A failure for peace': U.N.troops tell of Sarajevo horror

May 18, 1992|By Storer H. Rowley | Storer H. Rowley,Chicago Tribune

BELGRADE, Yugoslavia -- Shaken United Nations peacekeeping troops who escaped from besieged Sarajevo recounted sadly yesterday how the war they came to quell turned its vicious guns on their mission of mercy.

The blue-helmeted soldiers from Argentina, Belgium, Britain, Canada, Denmark, France, Holland, Kenya, Poland, Russia and Sweden had hoped to keep old Yugoslavia's warring ethnic nations from killing each other.

Instead, the bloody conflict that for nearly a year has defied most world appeals for peace exploded in their faces, trapping them in Sarajevo, the savaged capital of Bosnia-Herzegovina. For days, they have been jeered, shelled, sniped at and even held at gunpoint, mostly by Serb irregular militias.

"I regret leaving Sarajevo, because it's not a humiliation for the U.N., it's a failure for peace," said a discouraged French Gen. Philippe Morillion, deputy commander of the multinational U.N. Protection Force (UNPROFOR) that had tried to set up its headquarters there.

The bulk of that command center, nearly 300 soldiers, withdrew Saturday and yesterday.

Western diplomats in Belgrade said the setback had troubling implications for the credibility and role of the U.N. in a post-Cold War world struggling to come to terms with the violent escalation ethnic nationalism.

"Will international peacekeeping itself be discredited?" asked one foreign analyst. "If this situation is too difficult, will the U.N. only be confined to minor wars and negotiating minor cease-fires?"

The immediate impact of the U.N. exodus was felt by the helpless civilians still trapped in Sarajevo, a city of 560,000 with minimal electricity, food and water supplies. Serb women standing in their gardens on the city's outskirts wept openly as one U.N. convoy pulled out.

Some 1,300 people have died and 700,000 have been left homeless since war broke out in ethnically mixed Bosnia after the former Yugoslav republic declared independence two months ago over the objections of its large Serbian minority.

"It was terrible to see the way things have gone. We had the impression that the Bosnian population was committing suicide," General Morillion said.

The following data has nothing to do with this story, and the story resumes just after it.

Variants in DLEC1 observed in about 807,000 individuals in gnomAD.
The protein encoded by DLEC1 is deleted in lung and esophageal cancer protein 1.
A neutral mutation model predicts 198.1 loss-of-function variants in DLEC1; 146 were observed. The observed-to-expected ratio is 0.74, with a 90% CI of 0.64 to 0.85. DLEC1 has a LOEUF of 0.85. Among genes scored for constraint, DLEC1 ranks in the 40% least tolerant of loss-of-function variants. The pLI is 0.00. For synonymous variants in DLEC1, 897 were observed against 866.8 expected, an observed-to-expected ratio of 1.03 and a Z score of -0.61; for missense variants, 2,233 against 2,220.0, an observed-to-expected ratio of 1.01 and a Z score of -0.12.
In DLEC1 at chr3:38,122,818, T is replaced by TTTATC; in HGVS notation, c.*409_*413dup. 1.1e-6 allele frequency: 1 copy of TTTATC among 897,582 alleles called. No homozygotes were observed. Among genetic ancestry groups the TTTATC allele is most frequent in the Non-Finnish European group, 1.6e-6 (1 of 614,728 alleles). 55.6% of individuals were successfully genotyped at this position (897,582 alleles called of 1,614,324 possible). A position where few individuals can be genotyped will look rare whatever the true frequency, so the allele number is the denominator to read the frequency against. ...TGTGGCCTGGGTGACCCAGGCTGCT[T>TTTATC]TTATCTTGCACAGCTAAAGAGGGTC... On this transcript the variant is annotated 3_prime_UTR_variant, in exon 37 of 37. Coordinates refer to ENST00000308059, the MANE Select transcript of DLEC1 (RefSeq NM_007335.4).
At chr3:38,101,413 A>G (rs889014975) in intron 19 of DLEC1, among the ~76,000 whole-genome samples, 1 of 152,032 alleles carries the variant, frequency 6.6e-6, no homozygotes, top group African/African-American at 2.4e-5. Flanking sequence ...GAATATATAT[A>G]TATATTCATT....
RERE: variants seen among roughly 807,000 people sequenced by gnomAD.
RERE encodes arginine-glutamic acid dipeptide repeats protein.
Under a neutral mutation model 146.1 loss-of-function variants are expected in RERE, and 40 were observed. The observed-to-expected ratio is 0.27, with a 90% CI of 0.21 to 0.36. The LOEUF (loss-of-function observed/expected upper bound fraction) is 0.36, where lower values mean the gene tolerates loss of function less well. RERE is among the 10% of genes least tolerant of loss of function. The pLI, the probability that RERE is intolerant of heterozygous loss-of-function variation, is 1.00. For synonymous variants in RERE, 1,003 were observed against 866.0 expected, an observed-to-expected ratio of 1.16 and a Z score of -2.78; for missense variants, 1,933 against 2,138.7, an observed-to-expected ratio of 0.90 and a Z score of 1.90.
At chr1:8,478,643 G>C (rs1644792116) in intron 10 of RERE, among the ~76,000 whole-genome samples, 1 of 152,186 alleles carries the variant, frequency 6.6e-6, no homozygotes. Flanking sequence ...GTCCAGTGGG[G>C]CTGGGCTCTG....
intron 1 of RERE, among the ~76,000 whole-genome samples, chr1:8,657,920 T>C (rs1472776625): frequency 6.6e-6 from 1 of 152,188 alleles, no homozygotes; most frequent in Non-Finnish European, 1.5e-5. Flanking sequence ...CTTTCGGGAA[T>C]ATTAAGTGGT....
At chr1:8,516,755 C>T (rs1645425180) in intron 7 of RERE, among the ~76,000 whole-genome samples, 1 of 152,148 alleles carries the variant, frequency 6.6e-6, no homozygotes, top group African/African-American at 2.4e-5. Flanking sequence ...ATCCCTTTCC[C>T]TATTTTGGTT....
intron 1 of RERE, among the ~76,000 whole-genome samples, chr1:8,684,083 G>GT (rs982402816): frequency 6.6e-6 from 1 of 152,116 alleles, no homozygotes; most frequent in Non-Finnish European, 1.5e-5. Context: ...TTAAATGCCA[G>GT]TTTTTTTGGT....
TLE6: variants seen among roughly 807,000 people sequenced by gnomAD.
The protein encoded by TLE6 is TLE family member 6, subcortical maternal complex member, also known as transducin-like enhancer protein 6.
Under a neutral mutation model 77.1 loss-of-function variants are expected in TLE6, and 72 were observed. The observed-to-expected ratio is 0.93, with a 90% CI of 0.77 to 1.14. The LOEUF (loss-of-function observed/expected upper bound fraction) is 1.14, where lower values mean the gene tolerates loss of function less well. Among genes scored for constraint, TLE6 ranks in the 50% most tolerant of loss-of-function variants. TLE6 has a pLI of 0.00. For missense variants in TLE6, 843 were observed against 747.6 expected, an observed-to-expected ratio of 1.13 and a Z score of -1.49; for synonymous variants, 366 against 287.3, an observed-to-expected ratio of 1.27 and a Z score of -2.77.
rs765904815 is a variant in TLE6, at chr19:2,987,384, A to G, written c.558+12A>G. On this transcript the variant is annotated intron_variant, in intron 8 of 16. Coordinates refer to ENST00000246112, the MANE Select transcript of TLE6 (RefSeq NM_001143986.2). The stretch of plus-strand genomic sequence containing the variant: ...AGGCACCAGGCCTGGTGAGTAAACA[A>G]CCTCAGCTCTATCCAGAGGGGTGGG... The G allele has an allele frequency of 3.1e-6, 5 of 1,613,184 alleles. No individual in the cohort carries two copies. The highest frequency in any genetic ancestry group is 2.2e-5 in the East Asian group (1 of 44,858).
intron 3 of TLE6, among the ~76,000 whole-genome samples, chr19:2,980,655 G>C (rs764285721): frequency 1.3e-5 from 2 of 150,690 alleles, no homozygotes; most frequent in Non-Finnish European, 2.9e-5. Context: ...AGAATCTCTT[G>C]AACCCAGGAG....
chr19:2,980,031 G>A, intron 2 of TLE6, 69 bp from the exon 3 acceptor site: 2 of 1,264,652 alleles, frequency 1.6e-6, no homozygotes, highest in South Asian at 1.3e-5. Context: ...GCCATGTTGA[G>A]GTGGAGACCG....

"When we arrived, Sarajevo was a hustling, bustling city," said British Maj. Tom Jefferson, 38, assistant force medical officer who went in with the first contingent on March 22. "It's now a place like what I imagine Beirut to be, though I've never been there."

Much of the force was confined to a bomb shelter below the Hotel Stoicevac and the basement of an apartment house on the outskirts of Sarajevo for 48 hours starting last Thursday, he said. Up above, fighting and shelling went on for two days between Muslims and Serbs.

When they tried to move to another locations, Major Jefferson said, Serb militias held U.N. forces at gunpoint in tense standoffs, ordered them to help collect the bodies of dead Serbs and even poked guns in their ribs.

Amazingly, only one U.N. soldier was wounded, and he only slightly. Nevertheless, continuing the peace mission under such conditions will be "impossible" for now, General Morillion told reporters after the first U.N. convoy with nearly 50 vehicles and 200 military and civilian personnel arrived in Belgrade early yesterday morning.

The trip, usually four hours, took 15 hours because of all the checkpoints. A full moon illuminated the white U.N. vehicles, some of which had bullet holes or missing windows from the fighting.

Later yesterday another U.N. contingent of about 80 people in 40 vehicles left Sarajevo during a lull in the fighting. Heavier vehicles headed for Zagreb, the Croatian capital. The rest, including UNPROFOR commander Lt. Gen. Satish Nambiar and his staff, came to Belgrade.

There was never any mandate for the U.N. troops' presence in Bosnia. Nonetheless, about 120 monitors and liaison officers stayed behind in Sarajevo yesterday.

They will continue to help collect wounded, enable refugees to leave and attempt to negotiate often short-lived truces between rival Serb fighters and allied Muslims and Bosnian Croats.

Sarajevo had been chosen as the headquarters of the 14,000-member multinational peace-keeping force deployed in neighboring Croatia to separate Serbs and Croats after their bloody civil war late last year claimed some 10,000 lives.

Croatia's tragedy then made Sarajevo seem a tranquil, more neutral haven. Its rich mix of ethnic Serbs, Croats, Slavic Muslims, Jews and other minorities had made it exemplary of the old Yugoslavia, but it was also an explosive ethnic tinderbox.

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